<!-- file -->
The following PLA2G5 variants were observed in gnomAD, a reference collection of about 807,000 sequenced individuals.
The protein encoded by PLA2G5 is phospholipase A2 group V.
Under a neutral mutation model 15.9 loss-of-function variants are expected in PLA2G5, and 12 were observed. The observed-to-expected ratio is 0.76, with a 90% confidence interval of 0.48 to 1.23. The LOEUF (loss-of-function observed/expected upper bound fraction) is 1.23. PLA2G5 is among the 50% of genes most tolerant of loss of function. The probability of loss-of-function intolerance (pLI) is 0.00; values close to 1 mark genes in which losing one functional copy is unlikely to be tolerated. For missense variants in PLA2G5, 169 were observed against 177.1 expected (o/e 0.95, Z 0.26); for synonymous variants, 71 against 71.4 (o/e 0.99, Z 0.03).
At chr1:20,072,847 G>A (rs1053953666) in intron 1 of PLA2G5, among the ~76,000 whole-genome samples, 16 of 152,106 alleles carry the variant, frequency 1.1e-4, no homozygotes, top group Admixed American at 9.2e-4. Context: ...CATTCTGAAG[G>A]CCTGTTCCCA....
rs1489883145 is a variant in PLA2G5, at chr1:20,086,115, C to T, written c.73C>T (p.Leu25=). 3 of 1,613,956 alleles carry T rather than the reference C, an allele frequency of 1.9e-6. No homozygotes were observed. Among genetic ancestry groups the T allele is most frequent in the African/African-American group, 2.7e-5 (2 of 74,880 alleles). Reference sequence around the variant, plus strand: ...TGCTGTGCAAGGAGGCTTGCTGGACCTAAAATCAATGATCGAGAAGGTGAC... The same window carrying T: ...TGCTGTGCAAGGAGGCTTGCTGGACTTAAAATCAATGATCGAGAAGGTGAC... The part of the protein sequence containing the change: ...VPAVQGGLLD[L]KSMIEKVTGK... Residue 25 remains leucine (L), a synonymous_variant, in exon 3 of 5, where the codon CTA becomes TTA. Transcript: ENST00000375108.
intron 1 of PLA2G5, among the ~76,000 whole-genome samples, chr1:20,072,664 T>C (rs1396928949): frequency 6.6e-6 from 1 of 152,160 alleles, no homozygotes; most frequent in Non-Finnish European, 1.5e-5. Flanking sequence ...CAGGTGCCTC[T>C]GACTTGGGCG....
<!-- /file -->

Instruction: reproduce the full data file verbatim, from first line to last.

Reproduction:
The following PLA2G5 variants were observed in gnomAD, a reference collection of about 807,000 sequenced individuals.
The protein encoded by PLA2G5 is phospholipase A2 group V.
Under a neutral mutation model 15.9 loss-of-function variants are expected in PLA2G5, and 12 were observed. The observed-to-expected ratio is 0.76, with a 90% confidence interval of 0.48 to 1.23. The LOEUF (loss-of-function observed/expected upper bound fraction) is 1.23. PLA2G5 is among the 50% of genes most tolerant of loss of function. The probability of loss-of-function intolerance (pLI) is 0.00; values close to 1 mark genes in which losing one functional copy is unlikely to be tolerated. For missense variants in PLA2G5, 169 were observed against 177.1 expected (o/e 0.95, Z 0.26); for synonymous variants, 71 against 71.4 (o/e 0.99, Z 0.03).
At chr1:20,072,847 G>A (rs1053953666) in intron 1 of PLA2G5, among the ~76,000 whole-genome samples, 16 of 152,106 alleles carry the variant, frequency 1.1e-4, no homozygotes, top group Admixed American at 9.2e-4. Context: ...CATTCTGAAG[G>A]CCTGTTCCCA....
rs1489883145 is a variant in PLA2G5, at chr1:20,086,115, C to T, written c.73C>T (p.Leu25=). 3 of 1,613,956 alleles carry T rather than the reference C, an allele frequency of 1.9e-6. No homozygotes were observed. Among genetic ancestry groups the T allele is most frequent in the African/African-American group, 2.7e-5 (2 of 74,880 alleles). Reference sequence around the variant, plus strand: ...TGCTGTGCAAGGAGGCTTGCTGGACCTAAAATCAATGATCGAGAAGGTGAC... The same window carrying T: ...TGCTGTGCAAGGAGGCTTGCTGGACTTAAAATCAATGATCGAGAAGGTGAC... The part of the protein sequence containing the change: ...VPAVQGGLLD[L]KSMIEKVTGK... Residue 25 remains leucine (L), a synonymous_variant, in exon 3 of 5, where the codon CTA becomes TTA. Transcript: ENST00000375108.
intron 1 of PLA2G5, among the ~76,000 whole-genome samples, chr1:20,072,664 T>C (rs1396928949): frequency 6.6e-6 from 1 of 152,160 alleles, no homozygotes; most frequent in Non-Finnish European, 1.5e-5. Flanking sequence ...CAGGTGCCTC[T>C]GACTTGGGCG....